Essential Corporate News: Week ending October 11, 2019

Publication October 2019


FCA: Primary Market Bulletin 24

On October 3, 2019 the Financial Conduct Authority (FCA) published its 24th Primary Market Bulletin (PMB 24). PMB 24 includes updates on changes made to the FCA Knowledge Base, updates on Brexit and a brief overview of the FCA proposals in relation to the European single electronic format requirements, which apply to issuers on EU Markets from January 1, 2020.

PMB 24 includes the following:

Brexit– The FCA reminds firms that it published special Brexit PMBs earlier in 2019. In preparation for the scenario where the UK leaves the EU without a deal it invites firms to revisit PMB 21, published in February 2019, (new regulatory obligations that market makers and issuers will need to implement for the Short Selling Regulation (SSR) and the Market Abuse Regulation) and PMB 22, published in March 2019 (Listing Rules, Disclosure Guidance and Transparency Rules and the Prospectus Rules). Those rules will apply immediately in a no-deal scenario unless otherwise indicated. 

  • Update to PMB 21: the FCA reminds firms using the market maker exemption under the SSR that they should take action as soon as possible to benefit from the market maker exemption under the Short Selling (Amendment) (EU Exit) Regulations 2018 (UK SSR) in the future. It will publish the UK list of exempted shares on exit day on its UK SSR webpage.
  • Update to PMB 22: the FCA notes that HM Treasury has determined that EU-adopted IFRS is equivalent to UK-IAS for the purposes of the Transparency Directive and for preparing a prospectus under the Prospectus Directive. Provided the FCA grants third-country issuers an exemption in relation to EU-adopted IFRS, they will be able to use EU-adopted IFRS when preparing consolidated accounts for financial years beginning on or after exit day.

European single electronic format (ESEF) –The FCA proposes a new rule in the Disclosure Guidance and Transparency Rules sourcebook to implement requirements for annual corporate reporting in the ESEF under the Transparency Directive. The FCA has consulted on this proposal in its quarterly consultation paper published on September 6, 2019. The new rule assumes that the UK will remain subject to EU law on January 1, 2020.

A statement in relation to the FCA Knowledge Base – PMB 24 outlines changes to the Knowledge Base, following consultation in PMB 20. Aside from the deletion of its note on UKLA standard comments, it has adopted the following notes without further changes from the earlier drafts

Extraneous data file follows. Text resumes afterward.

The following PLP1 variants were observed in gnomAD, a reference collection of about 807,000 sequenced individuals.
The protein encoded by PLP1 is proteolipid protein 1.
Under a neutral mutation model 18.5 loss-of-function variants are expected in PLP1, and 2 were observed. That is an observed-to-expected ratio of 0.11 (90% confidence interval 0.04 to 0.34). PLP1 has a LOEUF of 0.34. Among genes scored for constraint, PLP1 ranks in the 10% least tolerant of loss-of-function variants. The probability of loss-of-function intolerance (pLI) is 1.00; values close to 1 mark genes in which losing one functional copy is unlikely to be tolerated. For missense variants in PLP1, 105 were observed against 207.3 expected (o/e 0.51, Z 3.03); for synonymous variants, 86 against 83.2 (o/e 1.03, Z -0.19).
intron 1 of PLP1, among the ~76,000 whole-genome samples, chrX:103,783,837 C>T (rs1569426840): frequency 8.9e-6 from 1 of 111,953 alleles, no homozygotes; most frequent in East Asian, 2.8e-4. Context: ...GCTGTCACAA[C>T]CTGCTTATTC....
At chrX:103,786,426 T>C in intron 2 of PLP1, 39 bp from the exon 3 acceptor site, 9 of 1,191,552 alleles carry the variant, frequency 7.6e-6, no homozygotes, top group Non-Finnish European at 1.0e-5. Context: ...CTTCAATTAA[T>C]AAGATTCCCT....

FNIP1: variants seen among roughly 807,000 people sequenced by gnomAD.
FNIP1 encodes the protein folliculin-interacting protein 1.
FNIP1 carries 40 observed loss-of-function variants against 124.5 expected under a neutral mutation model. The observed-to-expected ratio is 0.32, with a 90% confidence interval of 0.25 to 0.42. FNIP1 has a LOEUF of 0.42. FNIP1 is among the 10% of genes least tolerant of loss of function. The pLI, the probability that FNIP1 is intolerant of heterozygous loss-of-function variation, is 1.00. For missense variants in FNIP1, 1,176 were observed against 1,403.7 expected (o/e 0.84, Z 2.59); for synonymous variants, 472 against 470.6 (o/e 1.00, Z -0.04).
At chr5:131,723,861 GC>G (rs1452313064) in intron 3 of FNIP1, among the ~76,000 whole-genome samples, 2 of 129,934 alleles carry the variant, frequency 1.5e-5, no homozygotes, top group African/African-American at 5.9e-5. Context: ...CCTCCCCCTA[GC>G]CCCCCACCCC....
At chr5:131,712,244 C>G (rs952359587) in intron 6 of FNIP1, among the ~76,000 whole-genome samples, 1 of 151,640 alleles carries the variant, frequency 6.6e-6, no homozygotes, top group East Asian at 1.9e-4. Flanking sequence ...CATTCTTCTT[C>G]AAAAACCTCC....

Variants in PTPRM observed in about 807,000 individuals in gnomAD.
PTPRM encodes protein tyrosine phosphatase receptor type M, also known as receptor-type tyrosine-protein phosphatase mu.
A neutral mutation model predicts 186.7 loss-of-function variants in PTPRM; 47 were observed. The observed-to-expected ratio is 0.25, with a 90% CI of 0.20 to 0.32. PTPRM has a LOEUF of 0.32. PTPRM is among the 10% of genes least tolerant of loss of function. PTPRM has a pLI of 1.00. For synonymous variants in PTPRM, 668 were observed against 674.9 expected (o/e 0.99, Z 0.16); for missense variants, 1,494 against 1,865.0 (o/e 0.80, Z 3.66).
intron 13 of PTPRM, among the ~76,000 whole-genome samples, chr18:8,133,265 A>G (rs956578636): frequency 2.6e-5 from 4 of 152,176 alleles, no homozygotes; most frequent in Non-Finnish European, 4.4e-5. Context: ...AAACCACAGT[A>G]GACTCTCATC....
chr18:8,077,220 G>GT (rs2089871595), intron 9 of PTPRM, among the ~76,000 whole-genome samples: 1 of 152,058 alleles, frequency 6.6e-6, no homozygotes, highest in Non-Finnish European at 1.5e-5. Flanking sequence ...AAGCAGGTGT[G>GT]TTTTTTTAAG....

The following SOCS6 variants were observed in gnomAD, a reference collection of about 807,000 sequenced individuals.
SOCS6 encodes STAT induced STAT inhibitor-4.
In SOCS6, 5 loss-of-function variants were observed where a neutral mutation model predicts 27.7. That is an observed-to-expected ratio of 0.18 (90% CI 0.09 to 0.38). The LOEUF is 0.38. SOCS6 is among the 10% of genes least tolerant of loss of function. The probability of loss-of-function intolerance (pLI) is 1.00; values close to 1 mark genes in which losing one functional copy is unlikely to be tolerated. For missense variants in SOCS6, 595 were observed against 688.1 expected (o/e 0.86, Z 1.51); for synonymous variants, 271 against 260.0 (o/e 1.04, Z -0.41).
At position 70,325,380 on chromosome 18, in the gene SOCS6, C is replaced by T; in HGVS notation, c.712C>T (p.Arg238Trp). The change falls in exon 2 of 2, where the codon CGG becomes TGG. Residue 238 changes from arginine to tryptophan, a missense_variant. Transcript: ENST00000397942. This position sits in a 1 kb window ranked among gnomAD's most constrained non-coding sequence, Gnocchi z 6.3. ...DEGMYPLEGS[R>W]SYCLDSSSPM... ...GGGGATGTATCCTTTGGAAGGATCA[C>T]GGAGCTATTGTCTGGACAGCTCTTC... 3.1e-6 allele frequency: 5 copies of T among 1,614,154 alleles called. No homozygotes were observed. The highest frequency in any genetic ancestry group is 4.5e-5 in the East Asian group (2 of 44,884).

• Compliance with the Listing Principles and Premium Listing Principles (Amendment).
  • Primary Markets Oversight and Listing Transactions – decision making and individual guidance process (Amendment).
  • Sponsor Service Enquiry Line (New).
  • Schemes of Arrangement (New).

The FCA also notes that it is updating its Knowledge Base for the Prospectus Regulation, but in the meantime the guidance should be applied to the extent compatible.

Consultations –PMB 24 includes information on the following two FCA consultations:

  • A consultation on the amendment of FCA technical note, Master-feeder structures, to clarify that where one fund is the only feeder into a master fund, the FCA does not consider this a genuine master-feeder structure and LR 15.2.6R and LR 15.4.6R will not apply.
  • A consultation on a proposed new technical note, Class testing changes to an investment management agreement where there are unquantifiable benefits, to clarify its approach where the benefit of the transaction is unclear and class tests difficult to apply.

The consultations close on November 14, 2019.

(FCA: Primary Market Bulletin 24, 07.10.19)

ESMA: Consultation paper on Market Abuse Regulation review published

On October 3, 2019 the European Securities and Markets Authority (ESMA) published a consultation paper on the provisions of the Market Abuse Regulation (MAR), as requested by the European Commission.

The consultation paper includes proposals affecting the investor community as a whole, but which are particularly relevant for issuers of financial instruments admitted to trading or traded on a trading venue and their management, investment firms and asset management companies.

Matters on which ESMA seeks views include:

  • The possible inclusion of spot FX contracts within the scope of MAR (Section 3).